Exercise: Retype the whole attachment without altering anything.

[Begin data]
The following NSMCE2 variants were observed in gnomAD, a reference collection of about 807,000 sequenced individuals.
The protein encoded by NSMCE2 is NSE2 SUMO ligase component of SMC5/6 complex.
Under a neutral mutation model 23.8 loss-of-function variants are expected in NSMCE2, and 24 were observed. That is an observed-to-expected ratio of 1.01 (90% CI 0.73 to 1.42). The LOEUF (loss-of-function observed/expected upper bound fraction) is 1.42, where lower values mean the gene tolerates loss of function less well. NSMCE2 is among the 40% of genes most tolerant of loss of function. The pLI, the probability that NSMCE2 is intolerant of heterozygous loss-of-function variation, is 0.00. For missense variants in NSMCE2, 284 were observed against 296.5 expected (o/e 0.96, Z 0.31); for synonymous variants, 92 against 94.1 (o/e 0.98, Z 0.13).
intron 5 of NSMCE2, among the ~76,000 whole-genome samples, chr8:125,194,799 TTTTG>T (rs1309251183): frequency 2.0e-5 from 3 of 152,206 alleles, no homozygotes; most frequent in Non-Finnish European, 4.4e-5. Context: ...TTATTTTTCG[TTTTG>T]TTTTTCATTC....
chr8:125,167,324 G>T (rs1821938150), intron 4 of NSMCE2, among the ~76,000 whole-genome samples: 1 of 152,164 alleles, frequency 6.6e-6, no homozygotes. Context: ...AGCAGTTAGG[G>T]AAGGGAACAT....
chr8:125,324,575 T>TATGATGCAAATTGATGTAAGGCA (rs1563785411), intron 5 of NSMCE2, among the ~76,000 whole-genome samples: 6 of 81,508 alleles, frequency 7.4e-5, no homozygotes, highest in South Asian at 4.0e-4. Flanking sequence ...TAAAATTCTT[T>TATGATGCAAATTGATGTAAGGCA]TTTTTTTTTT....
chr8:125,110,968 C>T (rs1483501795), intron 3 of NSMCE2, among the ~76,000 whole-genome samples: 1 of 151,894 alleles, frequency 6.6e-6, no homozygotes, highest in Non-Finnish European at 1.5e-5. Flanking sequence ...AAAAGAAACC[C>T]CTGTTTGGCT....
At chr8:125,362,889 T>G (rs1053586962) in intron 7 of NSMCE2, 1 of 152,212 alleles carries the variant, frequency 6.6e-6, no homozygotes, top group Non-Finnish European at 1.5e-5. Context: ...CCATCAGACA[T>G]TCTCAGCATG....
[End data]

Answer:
The following NSMCE2 variants were observed in gnomAD, a reference collection of about 807,000 sequenced individuals.
The protein encoded by NSMCE2 is NSE2 SUMO ligase component of SMC5/6 complex.
Under a neutral mutation model 23.8 loss-of-function variants are expected in NSMCE2, and 24 were observed. That is an observed-to-expected ratio of 1.01 (90% CI 0.73 to 1.42). The LOEUF (loss-of-function observed/expected upper bound fraction) is 1.42, where lower values mean the gene tolerates loss of function less well. NSMCE2 is among the 40% of genes most tolerant of loss of function. The pLI, the probability that NSMCE2 is intolerant of heterozygous loss-of-function variation, is 0.00. For missense variants in NSMCE2, 284 were observed against 296.5 expected (o/e 0.96, Z 0.31); for synonymous variants, 92 against 94.1 (o/e 0.98, Z 0.13).
intron 5 of NSMCE2, among the ~76,000 whole-genome samples, chr8:125,194,799 TTTTG>T (rs1309251183): frequency 2.0e-5 from 3 of 152,206 alleles, no homozygotes; most frequent in Non-Finnish European, 4.4e-5. Context: ...TTATTTTTCG[TTTTG>T]TTTTTCATTC....
chr8:125,167,324 G>T (rs1821938150), intron 4 of NSMCE2, among the ~76,000 whole-genome samples: 1 of 152,164 alleles, frequency 6.6e-6, no homozygotes. Context: ...AGCAGTTAGG[G>T]AAGGGAACAT....
chr8:125,324,575 T>TATGATGCAAATTGATGTAAGGCA (rs1563785411), intron 5 of NSMCE2, among the ~76,000 whole-genome samples: 6 of 81,508 alleles, frequency 7.4e-5, no homozygotes, highest in South Asian at 4.0e-4. Flanking sequence ...TAAAATTCTT[T>TATGATGCAAATTGATGTAAGGCA]TTTTTTTTTT....
chr8:125,110,968 C>T (rs1483501795), intron 3 of NSMCE2, among the ~76,000 whole-genome samples: 1 of 151,894 alleles, frequency 6.6e-6, no homozygotes, highest in Non-Finnish European at 1.5e-5. Flanking sequence ...AAAAGAAACC[C>T]CTGTTTGGCT....
At chr8:125,362,889 T>G (rs1053586962) in intron 7 of NSMCE2, 1 of 152,212 alleles carries the variant, frequency 6.6e-6, no homozygotes, top group Non-Finnish European at 1.5e-5. Context: ...CCATCAGACA[T>G]TCTCAGCATG....